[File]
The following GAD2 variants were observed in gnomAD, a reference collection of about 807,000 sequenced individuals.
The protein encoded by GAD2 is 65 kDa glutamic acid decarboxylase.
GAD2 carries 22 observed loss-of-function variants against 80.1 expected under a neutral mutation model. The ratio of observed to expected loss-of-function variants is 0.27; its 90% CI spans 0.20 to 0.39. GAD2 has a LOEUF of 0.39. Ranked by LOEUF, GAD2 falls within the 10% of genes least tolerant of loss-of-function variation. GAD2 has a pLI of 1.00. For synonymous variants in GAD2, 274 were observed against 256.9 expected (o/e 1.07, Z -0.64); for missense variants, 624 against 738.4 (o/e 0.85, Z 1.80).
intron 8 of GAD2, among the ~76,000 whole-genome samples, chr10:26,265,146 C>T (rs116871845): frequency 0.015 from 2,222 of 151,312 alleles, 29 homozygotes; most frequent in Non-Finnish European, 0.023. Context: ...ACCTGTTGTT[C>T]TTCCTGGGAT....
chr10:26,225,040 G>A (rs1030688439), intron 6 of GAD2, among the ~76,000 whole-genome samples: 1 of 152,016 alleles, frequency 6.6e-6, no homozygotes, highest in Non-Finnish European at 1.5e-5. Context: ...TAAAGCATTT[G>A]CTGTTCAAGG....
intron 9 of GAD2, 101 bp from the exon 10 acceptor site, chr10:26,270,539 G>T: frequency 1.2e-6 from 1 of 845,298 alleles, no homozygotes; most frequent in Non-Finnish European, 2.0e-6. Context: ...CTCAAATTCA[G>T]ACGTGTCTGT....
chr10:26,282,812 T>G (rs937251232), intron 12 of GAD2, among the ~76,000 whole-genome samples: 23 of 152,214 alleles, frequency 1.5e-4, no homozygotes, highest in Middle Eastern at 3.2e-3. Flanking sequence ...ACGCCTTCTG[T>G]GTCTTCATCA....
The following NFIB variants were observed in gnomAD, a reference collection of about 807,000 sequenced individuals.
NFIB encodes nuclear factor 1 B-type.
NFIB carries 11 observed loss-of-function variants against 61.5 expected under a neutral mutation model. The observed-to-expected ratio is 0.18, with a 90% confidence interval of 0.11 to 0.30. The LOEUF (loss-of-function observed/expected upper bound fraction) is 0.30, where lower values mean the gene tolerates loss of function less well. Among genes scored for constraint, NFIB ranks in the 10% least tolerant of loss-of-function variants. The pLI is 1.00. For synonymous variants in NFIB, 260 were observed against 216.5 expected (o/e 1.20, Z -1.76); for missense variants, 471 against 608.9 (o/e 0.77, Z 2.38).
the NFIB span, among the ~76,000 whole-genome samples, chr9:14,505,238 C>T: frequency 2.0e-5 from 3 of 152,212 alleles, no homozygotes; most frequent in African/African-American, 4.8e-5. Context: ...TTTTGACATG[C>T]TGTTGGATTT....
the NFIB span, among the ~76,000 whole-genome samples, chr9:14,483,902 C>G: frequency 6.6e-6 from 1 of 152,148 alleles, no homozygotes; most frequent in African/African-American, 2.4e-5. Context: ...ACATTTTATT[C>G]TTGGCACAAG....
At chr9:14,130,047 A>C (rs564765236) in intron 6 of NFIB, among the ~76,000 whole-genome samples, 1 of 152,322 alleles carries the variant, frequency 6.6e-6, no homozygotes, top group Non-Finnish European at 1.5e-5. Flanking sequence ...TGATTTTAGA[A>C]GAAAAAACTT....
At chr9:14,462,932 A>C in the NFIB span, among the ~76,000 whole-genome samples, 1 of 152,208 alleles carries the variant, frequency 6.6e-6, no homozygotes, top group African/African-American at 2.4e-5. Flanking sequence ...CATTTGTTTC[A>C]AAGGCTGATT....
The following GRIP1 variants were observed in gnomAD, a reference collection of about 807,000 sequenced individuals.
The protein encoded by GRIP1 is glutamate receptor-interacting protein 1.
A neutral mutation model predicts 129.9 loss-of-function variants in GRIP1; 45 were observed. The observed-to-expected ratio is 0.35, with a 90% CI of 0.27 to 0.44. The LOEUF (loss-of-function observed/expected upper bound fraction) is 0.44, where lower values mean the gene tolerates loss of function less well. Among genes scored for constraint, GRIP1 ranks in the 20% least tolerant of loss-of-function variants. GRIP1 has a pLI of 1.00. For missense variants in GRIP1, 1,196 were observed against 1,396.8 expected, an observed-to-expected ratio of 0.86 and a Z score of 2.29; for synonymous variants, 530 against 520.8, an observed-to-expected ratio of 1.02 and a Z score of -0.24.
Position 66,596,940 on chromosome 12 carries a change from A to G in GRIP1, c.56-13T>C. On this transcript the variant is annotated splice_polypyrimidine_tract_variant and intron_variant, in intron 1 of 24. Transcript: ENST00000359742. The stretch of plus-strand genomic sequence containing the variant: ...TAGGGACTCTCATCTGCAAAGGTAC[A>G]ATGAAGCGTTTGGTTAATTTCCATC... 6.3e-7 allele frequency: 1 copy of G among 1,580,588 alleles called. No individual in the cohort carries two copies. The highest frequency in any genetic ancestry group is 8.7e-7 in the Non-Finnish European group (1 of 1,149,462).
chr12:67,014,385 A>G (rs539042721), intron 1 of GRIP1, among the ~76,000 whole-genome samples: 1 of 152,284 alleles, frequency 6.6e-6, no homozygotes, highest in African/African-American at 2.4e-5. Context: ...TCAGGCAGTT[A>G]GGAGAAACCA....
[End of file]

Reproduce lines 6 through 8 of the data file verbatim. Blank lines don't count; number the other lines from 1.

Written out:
intron 9 of GAD2, 101 bp from the exon 10 acceptor site, chr10:26,270,539 G>T: frequency 1.2e-6 from 1 of 845,298 alleles, no homozygotes; most frequent in Non-Finnish European, 2.0e-6. Context: ...CTCAAATTCA[G>T]ACGTGTCTGT....
chr10:26,282,812 T>G (rs937251232), intron 12 of GAD2, among the ~76,000 whole-genome samples: 23 of 152,214 alleles, frequency 1.5e-4, no homozygotes, highest in Middle Eastern at 3.2e-3. Flanking sequence ...ACGCCTTCTG[T>G]GTCTTCATCA....
The following NFIB variants were observed in gnomAD, a reference collection of about 807,000 sequenced individuals.